Thu Sep 26, 2013, 10:22 AM

4. A little over the 4 paragraph limit for excerpts (nt)

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Response to Octafish (Reply #3)

Fri Sep 27, 2013, 09:06 AM

6. Coleman Young Would Be A Hero If He Hadn't Confronted White People About Their Racism

Octafish .. here's a nice follow-up to that excellent free press piece.
Now that the Free Press has scrutinized Coleman Young’s financial stewardship and declared him the “most austere Detroit mayor since World War II,” maybe it’s time to re-examine other aspects of Young’s 20 years in office.

And maybe fair-minded observers will eventually conclude that Young was a much better mayor than his reputation in the 21st Century would suggest. And perhaps we can even agree that Young, at least for the first eight to 10 years of his two decades in the Manoogian Mansion, was even Detroit’s best mayor since the city began its 60-year decline...

In 2009, when Time magazine embedded its staffers in the city for a year, Daniel Okrent, writing the magazine’s cover story, said among the chief reasons “Detroit careened off the road” was “the corrosive two-decade rule of a black politician who cared more about retribution than about resurrection … a talented politician who spent much of his 20 years in office devoting his talents to the politics of revenge.”

That’s an evaluation that is shared by legions of Young critics. Yet such a negative interpretation doesn’t square with the Free Press’ findings that Young probably did more to steer Detroit away from the financial abyss than the eight other mayors who have run Detroit since 1950...

http://www.deadlinedetroit.com/articles/6447/coleman_young_might_be_a_saint_if_he_hadn_t_confronted_white_people_with_their_racism

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Response to MinM (Reply #6)

Fri Sep 27, 2013, 09:18 AM

7. Thank you, MinM! Coleman Young called Ronald Reagan, ''PRUNEFACE.''

Which, I thought, was honestly refreshing for a sitting mayor. The original Pruneface of popular culture was a Dick Tracy villain, a businessman-cum-NAZI agent.



Something else Corporate McPravda fails to mention about the late, great Mayor: He was a pro-union activist, attorney, and Tuskegee Airman who stood up to Joe McCarthy and -- unlike Ronnie Pruneface -- would not snitch on other liberals, progressives, socialists, communists or anyone who was being free to believe in whatever they wanted to believe.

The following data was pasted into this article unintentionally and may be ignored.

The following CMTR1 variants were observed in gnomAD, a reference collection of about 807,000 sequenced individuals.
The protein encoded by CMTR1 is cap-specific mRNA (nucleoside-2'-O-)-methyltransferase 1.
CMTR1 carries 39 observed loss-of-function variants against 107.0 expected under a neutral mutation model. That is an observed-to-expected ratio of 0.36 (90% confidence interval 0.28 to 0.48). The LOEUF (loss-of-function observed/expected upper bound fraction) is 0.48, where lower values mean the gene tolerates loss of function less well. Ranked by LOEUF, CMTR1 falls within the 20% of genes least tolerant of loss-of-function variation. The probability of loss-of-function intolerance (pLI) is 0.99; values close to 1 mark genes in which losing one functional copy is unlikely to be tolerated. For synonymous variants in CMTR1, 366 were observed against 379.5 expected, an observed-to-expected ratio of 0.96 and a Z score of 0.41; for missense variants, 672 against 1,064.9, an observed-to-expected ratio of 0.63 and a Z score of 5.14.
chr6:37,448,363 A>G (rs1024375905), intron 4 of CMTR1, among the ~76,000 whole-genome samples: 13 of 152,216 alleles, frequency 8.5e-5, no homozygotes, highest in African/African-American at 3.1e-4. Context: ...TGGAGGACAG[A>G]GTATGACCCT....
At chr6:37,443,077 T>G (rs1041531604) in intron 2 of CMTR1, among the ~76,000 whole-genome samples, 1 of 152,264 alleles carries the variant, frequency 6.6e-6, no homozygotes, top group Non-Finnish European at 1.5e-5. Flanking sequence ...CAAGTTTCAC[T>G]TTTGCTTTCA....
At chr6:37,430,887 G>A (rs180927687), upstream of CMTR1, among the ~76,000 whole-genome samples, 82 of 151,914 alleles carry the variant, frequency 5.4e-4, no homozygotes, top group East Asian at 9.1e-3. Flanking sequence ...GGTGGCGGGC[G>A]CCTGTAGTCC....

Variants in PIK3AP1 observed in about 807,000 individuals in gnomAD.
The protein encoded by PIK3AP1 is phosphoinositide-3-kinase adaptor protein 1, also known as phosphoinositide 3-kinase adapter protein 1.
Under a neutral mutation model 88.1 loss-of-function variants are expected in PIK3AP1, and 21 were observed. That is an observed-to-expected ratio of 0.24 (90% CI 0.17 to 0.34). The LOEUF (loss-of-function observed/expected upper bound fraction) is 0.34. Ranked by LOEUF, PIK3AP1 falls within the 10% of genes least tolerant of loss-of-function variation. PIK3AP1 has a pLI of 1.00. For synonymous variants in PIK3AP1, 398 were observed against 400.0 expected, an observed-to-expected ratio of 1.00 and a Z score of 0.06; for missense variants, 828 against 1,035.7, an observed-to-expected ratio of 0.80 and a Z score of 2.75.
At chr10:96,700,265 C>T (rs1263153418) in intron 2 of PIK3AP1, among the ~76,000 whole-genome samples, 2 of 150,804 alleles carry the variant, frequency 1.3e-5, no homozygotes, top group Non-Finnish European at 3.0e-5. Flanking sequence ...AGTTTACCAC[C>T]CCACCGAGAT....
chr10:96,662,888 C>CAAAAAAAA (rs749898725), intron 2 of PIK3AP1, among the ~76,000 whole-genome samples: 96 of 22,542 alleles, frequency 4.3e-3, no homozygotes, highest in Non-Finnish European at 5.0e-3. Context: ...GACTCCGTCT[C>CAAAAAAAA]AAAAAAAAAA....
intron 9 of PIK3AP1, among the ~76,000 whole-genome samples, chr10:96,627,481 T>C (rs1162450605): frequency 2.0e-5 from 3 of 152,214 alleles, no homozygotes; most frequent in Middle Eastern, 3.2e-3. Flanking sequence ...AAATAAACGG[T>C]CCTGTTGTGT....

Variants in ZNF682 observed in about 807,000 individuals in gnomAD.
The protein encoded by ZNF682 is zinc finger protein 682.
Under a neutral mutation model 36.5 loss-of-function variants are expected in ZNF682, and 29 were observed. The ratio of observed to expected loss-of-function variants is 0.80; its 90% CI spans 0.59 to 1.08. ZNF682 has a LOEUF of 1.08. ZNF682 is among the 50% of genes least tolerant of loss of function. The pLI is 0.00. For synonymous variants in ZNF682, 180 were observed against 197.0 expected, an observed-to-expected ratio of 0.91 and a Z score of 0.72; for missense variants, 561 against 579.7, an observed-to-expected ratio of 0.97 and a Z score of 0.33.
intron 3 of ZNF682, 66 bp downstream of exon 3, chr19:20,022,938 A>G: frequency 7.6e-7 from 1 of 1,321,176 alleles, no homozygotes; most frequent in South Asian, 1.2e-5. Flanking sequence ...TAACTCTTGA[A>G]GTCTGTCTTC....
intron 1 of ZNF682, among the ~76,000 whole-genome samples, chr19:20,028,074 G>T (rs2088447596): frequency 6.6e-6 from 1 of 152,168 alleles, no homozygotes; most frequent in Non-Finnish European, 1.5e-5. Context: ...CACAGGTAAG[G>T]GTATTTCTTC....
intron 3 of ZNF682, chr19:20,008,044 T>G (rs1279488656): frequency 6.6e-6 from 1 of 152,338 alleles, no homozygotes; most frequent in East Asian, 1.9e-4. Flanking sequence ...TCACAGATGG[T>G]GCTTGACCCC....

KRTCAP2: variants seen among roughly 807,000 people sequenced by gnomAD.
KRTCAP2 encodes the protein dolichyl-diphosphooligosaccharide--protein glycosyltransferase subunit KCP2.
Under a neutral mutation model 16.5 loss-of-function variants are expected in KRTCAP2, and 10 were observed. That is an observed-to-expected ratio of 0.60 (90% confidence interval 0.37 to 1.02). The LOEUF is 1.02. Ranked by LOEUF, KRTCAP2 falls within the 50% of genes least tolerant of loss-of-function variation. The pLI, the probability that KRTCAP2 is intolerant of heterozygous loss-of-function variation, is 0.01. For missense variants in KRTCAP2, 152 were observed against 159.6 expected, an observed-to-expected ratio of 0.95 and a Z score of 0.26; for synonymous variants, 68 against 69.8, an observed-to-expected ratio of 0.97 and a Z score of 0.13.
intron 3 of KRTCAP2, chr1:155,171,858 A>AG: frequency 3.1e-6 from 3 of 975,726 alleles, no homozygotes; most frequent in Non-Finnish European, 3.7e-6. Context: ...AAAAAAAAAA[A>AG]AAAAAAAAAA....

http://www.is.wayne.edu/MNISSANI/ELEPHANT/Young.htm


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Response to Octafish (Reply #7)

Fri Sep 27, 2013, 10:31 AM

8. Speaking of Joe McCarthy, his relationship w/JP McCarthy was interesting

This also brings it back to confronting racism. Coleman Young was a fairly frequent guest on WJR (owned at the time by Cap Cities .. which is a whole separate story). More specifically the JP McCarthy morning show. While my recollection over the years was that these interviews would sometimes get testy, it seemed, for the most part, that they were cordial.

JP McCarthy was one of the smoothest and glib radio hosts I've ever heard and if I recall correctly set some records for being #1 in his market for consecutive weeks/months/years. Looking back on it now though the underlying tension between them seems to have reflected the growing rift between Detroit area business leaders (represented by JP McCarthy) and Coleman Young.

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Response to MinM (Reply #6)

Fri Sep 27, 2013, 10:35 AM

9. This is the sort of delusion that plagues us in Detroit: Coleman Young ran the city in the ground.

It isn't the fault of "the racists" for noticing Detroit is in the state it is in.

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Response to Nye Bevan (Original post)

Thu Sep 26, 2013, 10:33 AM

5. The trustees violated their fiduciary duties.

Liability may extend to actuaries, the plan administrator and other plan professionals.

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Response to Nye Bevan (Original post)

Fri Sep 27, 2013, 10:35 AM

10. Hey look guys--it's a "centrist" trying to deflect attention away from the powerful toward the weak.